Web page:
5 Tips to Getting Your Kids to Sleep Earlier

Young boy sleeping in class with his head on his desk - copyspace

Mention the word “bedtime” in the summer and you’re sure to get groans from kids of any age. That’s especially true of teenagers who have spent the summer staying out late and sleeping until noon.

But when it’s time to go back to school, getting back into healthy sleep patterns is a necessity. The right amount of rest will give your children the right amount of focus and energy in the classroom.

“Anyone who’s had jet lag can relate to the feeling they can have when adjusting their sleep schedule,” says pediatric sleep specialist Sally Ibrahim, MD. “When you try to sleep at a different time than what you are used to,  your mind is foggy and you don’t feel sharp.”

Advice for good sleep habits

If your kids — or you — have lapsed into a “late to bed, late to rise” sleep routine this summer, here are Dr. Ibrahim’s tips for getting back into proper school-year sleep routines:

  1. Focus on wake time.  You may not be able to control going to sleep, given the internal clock is used to sleeping later. But you may be able to control getting up.  Given most kids do not have a set wake time during summer, getting up regularly at a set time needs to start before school starts. Ideally, waking up close to the time a student needs to wake up for school in the one to two weeks prior to school can re-set the body clock. Falling asleep, then, will come earlier more naturally. Keep the wake time similar on weekends during the school year.
  2. Go 30 minutes at a time.  The sleep clock does not automatically shift the day school starts.  The body’s sleep rhythm takes time to adjust and it’s easier to stay up then to go to sleep earlier.  Start by shifting their wake time earlier by 30 minutes each or every other morning. Kids will naturally become more sleepier earlier and be able to fall asleep earlier over time.  Calculate the right bedtime based on the amount of sleep they need. Don’t expect a child to fall asleep earlier on night one. After adjustments in wake time, you will see them get sleepier earlier for an earlier bedtime.
  3. Know the right amount. According to the National Sleep Foundation, kids ages 6-12 need 9 to 11 hours of sleep. Teenagers need 8.5 to 9.5 hours of sleep to function at their best. The amount of sleep adults need ranges between 7.5-8  hours.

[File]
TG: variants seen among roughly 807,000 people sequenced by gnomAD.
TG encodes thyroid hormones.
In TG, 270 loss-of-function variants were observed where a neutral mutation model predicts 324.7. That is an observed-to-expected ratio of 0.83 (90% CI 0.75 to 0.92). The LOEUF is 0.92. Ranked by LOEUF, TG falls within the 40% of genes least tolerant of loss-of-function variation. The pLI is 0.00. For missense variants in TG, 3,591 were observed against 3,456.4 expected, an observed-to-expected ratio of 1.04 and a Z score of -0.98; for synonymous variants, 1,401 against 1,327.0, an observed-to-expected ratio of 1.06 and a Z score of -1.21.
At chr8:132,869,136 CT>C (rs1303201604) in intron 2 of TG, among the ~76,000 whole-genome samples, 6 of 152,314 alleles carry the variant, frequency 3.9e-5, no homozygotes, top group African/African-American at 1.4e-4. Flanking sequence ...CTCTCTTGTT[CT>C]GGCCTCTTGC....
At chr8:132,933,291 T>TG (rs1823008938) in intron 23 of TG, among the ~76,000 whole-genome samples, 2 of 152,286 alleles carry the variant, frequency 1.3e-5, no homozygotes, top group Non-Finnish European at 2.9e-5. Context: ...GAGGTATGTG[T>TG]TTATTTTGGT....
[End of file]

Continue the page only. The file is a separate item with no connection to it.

4. Provide the right get-to-sleep conditions. “The last two hours before bedtime should be relatively quiet,” Dr. Ibrahim says. That means no exercise, no caffeine, cell phones and tablets off and limited television. The sun still sets late in the early weeks of the school year, so use heavy drapes that darken the room at bedtime. This signals their bodies that it’s time to sleep. Allow bright sunlight in when it’s time to wake up.  Enforce no light from tablets/phones/computers in bed. This can delay the body sleep rhythm and make it harder to get to sleep.
  5. Take sleep health seriously. “I liken it to cigarette smoking,” says Dr. Ibrahim. “Smoking one cigarette does not kill a person, but long-term smoking does affect people’s health. If you don’t get enough/quality sleep for a long enough period of time, it begins to take a toll on your health.” Sleeping problems make chronic diseases harder to treat, she says, and they contribute to a lack of energy, low pain tolerance, changes in hormone levels and a decline in learning and critical thinking.

Dr. Ibrahim says rewarding smaller children for sticking to the sleep schedule may serve as extra motivation. Helping your kids get their rest is great preparation for success at school and in life.

  • Jeffrey A Crawford

    I feel the need to comment here, if only because I usually want to throw tomatoes at the stuff this site has to offer. These suggestions are right on the money, kudos for getting it right. Two thumbs up from this chiropractor.

  • melvis

    why are we not mentioning chronic pain sufferers? I can tell you that with 2 recent spine surgeries and living in Seattle that every day the temps do not reach 60 degrees or the sun does not shine, I feel like I am being poked with hot pokers and beaten with rolling pins! I am currently preparing to move south because of it. Pain sufferers get no recognition whatsoever!